Bad blood among Tea Party groups: national Tea Party groups point fingers at egotistical rivals

When it comes to discussing these national groups, the buzz-word among activists is “ego.” Activist Robin Stublen, during an interview in May, said Williams and Meckler’s dislike for each other is “an ego thing.”

“Williams has an ego, Meckler has an ego,” Stublen said then.

When the Tea Party Federation expelled Williams this weekend because of his blog post, Williams blamed the “stronger egos and personalities” of the Tea Party Federation — who see Tea Party Express as competition — for going after him.

Phillips of Tea Party Nation put the rivalries of all the groups this way: “In some instances you have egos playing against each other, in some instances you just have simply different points of view.”

Christina Botteri of the Tea Party Federation called some of the infighting amongst the groups “territorial.” But she refused to speak negatively of the Tea Party Patriots, when asked about Meckler’s criticism that the group is not grassroots: “I’m not interested in getting into it with the Patriots. …To this day, they’re probably one of the best sources of groups in the movement.”

But her group called Williams’ blog post that led to his expulsion from the Tea Party Federation “clearly offensive.” Wierzbicki responded by saying, “Most rank-and-file tea party activists think we’re talking about Star Trek when we try to explain who the ‘Federation’ is.”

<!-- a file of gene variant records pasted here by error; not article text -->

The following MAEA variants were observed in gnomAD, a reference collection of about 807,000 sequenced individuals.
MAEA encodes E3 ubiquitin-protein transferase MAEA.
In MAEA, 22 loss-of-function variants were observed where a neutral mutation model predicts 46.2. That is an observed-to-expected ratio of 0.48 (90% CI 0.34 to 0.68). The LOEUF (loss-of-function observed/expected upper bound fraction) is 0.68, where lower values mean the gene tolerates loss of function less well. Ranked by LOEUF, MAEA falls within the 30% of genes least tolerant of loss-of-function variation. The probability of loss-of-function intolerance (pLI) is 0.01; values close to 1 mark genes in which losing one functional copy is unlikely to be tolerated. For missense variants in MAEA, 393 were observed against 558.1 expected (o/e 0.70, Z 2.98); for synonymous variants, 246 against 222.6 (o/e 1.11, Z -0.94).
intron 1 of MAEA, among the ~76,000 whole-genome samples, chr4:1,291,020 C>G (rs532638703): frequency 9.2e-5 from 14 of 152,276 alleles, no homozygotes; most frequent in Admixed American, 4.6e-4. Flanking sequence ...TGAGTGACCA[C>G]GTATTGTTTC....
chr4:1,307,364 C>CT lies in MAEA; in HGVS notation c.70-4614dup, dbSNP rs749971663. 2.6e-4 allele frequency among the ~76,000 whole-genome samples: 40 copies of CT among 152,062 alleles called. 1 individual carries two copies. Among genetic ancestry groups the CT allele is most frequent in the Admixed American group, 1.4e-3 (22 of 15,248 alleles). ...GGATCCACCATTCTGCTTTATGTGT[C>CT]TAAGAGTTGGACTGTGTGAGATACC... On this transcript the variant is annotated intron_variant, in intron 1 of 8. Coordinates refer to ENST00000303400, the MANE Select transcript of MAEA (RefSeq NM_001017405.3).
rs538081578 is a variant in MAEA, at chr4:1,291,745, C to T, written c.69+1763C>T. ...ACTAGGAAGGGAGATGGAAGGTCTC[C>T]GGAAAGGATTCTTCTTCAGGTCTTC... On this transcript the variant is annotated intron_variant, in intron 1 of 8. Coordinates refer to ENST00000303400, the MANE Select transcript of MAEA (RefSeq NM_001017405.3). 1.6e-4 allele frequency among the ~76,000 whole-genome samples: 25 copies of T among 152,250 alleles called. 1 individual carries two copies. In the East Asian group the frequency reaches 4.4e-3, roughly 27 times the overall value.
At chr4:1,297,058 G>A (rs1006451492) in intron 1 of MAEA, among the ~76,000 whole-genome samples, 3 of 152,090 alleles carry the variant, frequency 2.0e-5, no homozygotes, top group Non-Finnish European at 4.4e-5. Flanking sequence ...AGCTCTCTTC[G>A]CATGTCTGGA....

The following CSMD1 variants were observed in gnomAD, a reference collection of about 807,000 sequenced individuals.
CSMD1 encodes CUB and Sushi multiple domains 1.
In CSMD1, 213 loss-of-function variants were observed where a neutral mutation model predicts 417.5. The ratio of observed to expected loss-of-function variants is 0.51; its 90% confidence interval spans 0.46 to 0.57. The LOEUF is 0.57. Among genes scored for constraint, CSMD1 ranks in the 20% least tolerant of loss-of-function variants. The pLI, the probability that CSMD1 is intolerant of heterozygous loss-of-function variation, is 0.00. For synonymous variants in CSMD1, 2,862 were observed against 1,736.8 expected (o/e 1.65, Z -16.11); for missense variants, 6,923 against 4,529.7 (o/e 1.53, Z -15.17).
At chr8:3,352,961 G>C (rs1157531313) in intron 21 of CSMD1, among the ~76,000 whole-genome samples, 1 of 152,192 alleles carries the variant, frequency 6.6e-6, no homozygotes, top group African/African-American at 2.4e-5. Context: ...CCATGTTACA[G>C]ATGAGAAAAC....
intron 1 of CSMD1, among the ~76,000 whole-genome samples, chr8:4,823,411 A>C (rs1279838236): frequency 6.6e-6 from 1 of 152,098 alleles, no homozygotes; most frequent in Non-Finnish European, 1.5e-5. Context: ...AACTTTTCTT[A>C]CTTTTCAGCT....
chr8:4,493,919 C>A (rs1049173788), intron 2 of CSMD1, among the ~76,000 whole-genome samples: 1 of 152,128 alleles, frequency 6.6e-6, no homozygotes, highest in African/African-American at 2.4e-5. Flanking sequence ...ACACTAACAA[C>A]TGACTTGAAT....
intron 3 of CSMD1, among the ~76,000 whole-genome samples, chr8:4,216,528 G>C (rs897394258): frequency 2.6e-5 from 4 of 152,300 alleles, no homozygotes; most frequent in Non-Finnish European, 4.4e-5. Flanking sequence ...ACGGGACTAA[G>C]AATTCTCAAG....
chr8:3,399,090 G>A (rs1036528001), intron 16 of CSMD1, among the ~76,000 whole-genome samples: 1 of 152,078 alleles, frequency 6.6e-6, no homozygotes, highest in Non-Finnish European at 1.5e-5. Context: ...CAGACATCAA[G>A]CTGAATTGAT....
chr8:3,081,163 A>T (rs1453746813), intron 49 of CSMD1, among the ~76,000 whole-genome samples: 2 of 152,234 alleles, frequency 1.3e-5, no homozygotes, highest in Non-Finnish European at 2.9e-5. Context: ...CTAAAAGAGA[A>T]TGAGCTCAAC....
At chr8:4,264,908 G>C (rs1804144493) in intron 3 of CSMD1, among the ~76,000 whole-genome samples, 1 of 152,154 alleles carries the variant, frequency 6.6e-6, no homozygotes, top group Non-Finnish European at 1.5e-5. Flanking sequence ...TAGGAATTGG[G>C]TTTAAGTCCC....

Phillips’ Tea Party Nation was a member of the Tea Party Federation, but not for long. “We had a difference in opinion on how things work,” Phillips said. As for the Tea Party Patriots, Phillips said he’s tried to contact them about being involved in October’s second Tea Party Convention in Las Vegas, but haven’t had much luck. “They really don’t work with other groups,” he said.

But Phillips refused to elaborate on those groups. “One of the things that people like about Tea Party Nation is we don’t like to trash other groups,” he said.

But neither Williams nor Meckler — who in requests for comment in the past have refused to speak on-the-record very much about their issues with other organizations — had a problem doing so Monday.

Williams, in an email, forwarded a link to an archive of stories about Meckler receiving GOP money for political work. Meckler, who practiced law in California before devoting much of his time to the organization, denies Williams’ claim that he’s personally profiting from his activism.

“I’ve spent my entire life-savings doing this movement. If I was out to make a buck, I would’ve stayed as a lawyer,” he said.

Meckler says he hopes the Tea Party Express becomes a “footnote in the Tea Party movement,” considering they allowed Williams to chair the organization despite a long-history of being accused of making racial remarks.

“Anybody who claims that they didn’t know what Mark Williams was about, maybe they don’t have a computer. Maybe they don’t know how to use Google,” he said.

Sometimes it appears the groups are working against each other, even though they share similar political goals. During the health care debate, The Daily Caller reported that some members of the Tea Party Patriots had discouraged activists from attending a Tea Party Express rally. The Tea Party Patriots have denied the charge, but the Tea Party Express said it was true.

Said Tea Party Express spokesman Levi Russell then: “There is some truth to that, sadly.”

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